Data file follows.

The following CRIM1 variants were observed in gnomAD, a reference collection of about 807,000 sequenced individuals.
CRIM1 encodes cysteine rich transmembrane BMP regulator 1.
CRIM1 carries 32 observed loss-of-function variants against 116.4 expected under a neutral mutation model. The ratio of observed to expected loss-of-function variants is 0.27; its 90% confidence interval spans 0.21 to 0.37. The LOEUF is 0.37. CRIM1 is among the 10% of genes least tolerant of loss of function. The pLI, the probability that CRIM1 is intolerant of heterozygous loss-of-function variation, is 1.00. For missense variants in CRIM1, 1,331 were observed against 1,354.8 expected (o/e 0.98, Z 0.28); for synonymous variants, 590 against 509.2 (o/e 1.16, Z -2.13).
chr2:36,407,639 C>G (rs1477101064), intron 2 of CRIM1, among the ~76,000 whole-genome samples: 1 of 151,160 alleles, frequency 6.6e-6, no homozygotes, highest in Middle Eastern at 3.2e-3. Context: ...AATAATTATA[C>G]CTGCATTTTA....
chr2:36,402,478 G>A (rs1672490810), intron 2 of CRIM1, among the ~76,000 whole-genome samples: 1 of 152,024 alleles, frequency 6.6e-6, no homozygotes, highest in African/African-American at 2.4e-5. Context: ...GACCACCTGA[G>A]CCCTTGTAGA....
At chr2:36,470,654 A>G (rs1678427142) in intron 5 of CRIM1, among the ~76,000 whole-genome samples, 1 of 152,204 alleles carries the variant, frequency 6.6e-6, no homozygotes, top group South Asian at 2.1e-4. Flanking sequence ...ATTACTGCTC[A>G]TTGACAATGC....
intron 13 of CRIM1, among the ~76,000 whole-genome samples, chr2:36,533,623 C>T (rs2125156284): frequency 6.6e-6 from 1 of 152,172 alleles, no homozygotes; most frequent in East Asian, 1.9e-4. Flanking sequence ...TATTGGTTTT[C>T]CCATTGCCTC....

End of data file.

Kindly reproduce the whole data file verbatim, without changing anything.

The following CRIM1 variants were observed in gnomAD, a reference collection of about 807,000 sequenced individuals.
CRIM1 encodes cysteine rich transmembrane BMP regulator 1.
CRIM1 carries 32 observed loss-of-function variants against 116.4 expected under a neutral mutation model. The ratio of observed to expected loss-of-function variants is 0.27; its 90% confidence interval spans 0.21 to 0.37. The LOEUF is 0.37. CRIM1 is among the 10% of genes least tolerant of loss of function. The pLI, the probability that CRIM1 is intolerant of heterozygous loss-of-function variation, is 1.00. For missense variants in CRIM1, 1,331 were observed against 1,354.8 expected (o/e 0.98, Z 0.28); for synonymous variants, 590 against 509.2 (o/e 1.16, Z -2.13).
chr2:36,407,639 C>G (rs1477101064), intron 2 of CRIM1, among the ~76,000 whole-genome samples: 1 of 151,160 alleles, frequency 6.6e-6, no homozygotes, highest in Middle Eastern at 3.2e-3. Context: ...AATAATTATA[C>G]CTGCATTTTA....
chr2:36,402,478 G>A (rs1672490810), intron 2 of CRIM1, among the ~76,000 whole-genome samples: 1 of 152,024 alleles, frequency 6.6e-6, no homozygotes, highest in African/African-American at 2.4e-5. Context: ...GACCACCTGA[G>A]CCCTTGTAGA....
At chr2:36,470,654 A>G (rs1678427142) in intron 5 of CRIM1, among the ~76,000 whole-genome samples, 1 of 152,204 alleles carries the variant, frequency 6.6e-6, no homozygotes, top group South Asian at 2.1e-4. Flanking sequence ...ATTACTGCTC[A>G]TTGACAATGC....
intron 13 of CRIM1, among the ~76,000 whole-genome samples, chr2:36,533,623 C>T (rs2125156284): frequency 6.6e-6 from 1 of 152,172 alleles, no homozygotes; most frequent in East Asian, 1.9e-4. Flanking sequence ...TATTGGTTTT[C>T]CCATTGCCTC....